The area has a poor African American community, and these people were told for fourty years that they were helping the disadvantaged, whether they were in the study, or working for The Tuskegee Institute.

The men were never even told they had syphillis.



The victims of the study included numerous men who died of syphilis, wives who contracted the disease, and children born with congenital syphilis.[7] Physicians in this time were fixated on African American sexuality, and the willingness of African Americans to have sexual relations with those who were infected led them to believe that the responsibility for the acquisition of the disease was solely upon the individual.[8]

The Tuskegee Syphilis Study, cited as "arguably the most infamous biomedical research study in U.S. history",[9] led to the 1979 Belmont Report and the establishment of the Office for Human Research Protections (OHRP).[10]


I hope the connection to that, now, is more clear, as it's a case of unethical treatment. I kind of agree it has nothing to do with this, but for entirely different reasons than you cited: they weren't injected against their will.
But if this were true, it would really be murder, if anyone dies from it, and it can be traced back.
However, let me make crystal clear that being on Craig's List, I highly doubt the voracity of this written statement, claim or assertion. There are too many, better placed to out such information.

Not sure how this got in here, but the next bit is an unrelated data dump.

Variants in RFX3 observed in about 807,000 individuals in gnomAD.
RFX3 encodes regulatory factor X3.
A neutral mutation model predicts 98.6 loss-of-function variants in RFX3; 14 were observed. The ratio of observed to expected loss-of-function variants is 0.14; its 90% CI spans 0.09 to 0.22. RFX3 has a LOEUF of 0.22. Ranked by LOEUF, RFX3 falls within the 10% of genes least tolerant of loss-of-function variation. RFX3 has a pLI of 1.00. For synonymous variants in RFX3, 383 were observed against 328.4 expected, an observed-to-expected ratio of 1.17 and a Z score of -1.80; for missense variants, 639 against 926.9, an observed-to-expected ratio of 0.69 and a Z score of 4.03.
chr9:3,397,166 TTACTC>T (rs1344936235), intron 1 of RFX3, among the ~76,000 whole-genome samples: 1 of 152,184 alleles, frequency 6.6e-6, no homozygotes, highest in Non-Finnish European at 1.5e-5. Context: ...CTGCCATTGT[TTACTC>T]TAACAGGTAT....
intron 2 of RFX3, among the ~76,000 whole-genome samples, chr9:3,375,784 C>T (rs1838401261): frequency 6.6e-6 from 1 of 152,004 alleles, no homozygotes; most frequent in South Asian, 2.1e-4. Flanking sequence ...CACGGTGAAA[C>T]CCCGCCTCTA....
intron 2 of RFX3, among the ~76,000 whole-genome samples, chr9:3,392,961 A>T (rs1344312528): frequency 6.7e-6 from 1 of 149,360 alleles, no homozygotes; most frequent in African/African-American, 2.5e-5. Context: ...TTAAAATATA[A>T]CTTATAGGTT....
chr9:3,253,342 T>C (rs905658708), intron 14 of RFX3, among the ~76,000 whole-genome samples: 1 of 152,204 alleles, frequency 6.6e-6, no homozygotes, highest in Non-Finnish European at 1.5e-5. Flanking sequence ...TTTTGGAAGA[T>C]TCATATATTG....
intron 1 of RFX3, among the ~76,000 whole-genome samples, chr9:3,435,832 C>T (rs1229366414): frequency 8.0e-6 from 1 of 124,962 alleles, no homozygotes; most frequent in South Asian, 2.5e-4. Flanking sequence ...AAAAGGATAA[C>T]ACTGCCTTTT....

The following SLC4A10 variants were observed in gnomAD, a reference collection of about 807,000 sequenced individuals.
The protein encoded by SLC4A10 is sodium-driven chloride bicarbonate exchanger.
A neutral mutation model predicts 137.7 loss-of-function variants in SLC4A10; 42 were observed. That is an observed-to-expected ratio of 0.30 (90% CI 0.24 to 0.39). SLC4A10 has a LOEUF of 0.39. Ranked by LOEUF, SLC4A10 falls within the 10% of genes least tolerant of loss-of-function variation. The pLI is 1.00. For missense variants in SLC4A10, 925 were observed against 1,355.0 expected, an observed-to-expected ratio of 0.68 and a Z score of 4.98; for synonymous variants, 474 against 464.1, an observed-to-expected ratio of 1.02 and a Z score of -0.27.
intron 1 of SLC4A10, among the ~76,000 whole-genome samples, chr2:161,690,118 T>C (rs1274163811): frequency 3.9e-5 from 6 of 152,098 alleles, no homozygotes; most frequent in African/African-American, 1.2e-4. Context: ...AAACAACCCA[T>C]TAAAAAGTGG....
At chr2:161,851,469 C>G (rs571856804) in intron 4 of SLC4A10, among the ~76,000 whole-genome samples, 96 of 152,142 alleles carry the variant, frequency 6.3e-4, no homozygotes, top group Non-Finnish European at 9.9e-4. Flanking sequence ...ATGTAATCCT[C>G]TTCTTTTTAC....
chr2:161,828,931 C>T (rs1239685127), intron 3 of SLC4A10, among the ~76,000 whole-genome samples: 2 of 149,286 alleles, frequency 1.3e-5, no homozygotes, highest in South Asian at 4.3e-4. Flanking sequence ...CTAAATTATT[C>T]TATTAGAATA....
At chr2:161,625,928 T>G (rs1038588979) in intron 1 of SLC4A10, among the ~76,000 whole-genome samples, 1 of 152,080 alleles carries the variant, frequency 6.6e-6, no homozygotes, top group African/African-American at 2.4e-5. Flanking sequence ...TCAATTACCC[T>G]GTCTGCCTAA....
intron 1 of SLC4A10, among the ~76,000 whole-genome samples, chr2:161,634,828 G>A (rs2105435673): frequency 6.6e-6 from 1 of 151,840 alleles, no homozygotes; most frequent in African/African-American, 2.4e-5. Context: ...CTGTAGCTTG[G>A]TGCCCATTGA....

tetra



posted on Jun, 8 2014 @ 09:03 PM
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a reply to: Grimpachi



If they were smart and some MK ultra project does exist then that is what they should have done to them.


why is that what they "should" have done to them?



posted on Jun, 8 2014 @ 09:36 PM
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a reply to: tetra50

My point was the US government has done some ethical medical experiments in the past. To think this is beyond them is plain ignorant.

As I said before this is likely a hoax, like 99.9999+% likely that this is a hoax. I this was posted under the CL rant section.
edit on 8-6-2014 by jrod because: 1



posted on Jun, 8 2014 @ 09:51 PM
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If I were Minister of Propaganda I'd think this was a brilliant move to plant just a bit of doubt in the minds of those five dudes...and all their friends/associates...knowing full well that someone is going to see it and it's going to get national/international play in the media. Why not add pathogens to the idea, already widely spoken-of, of implanting them with nanochips?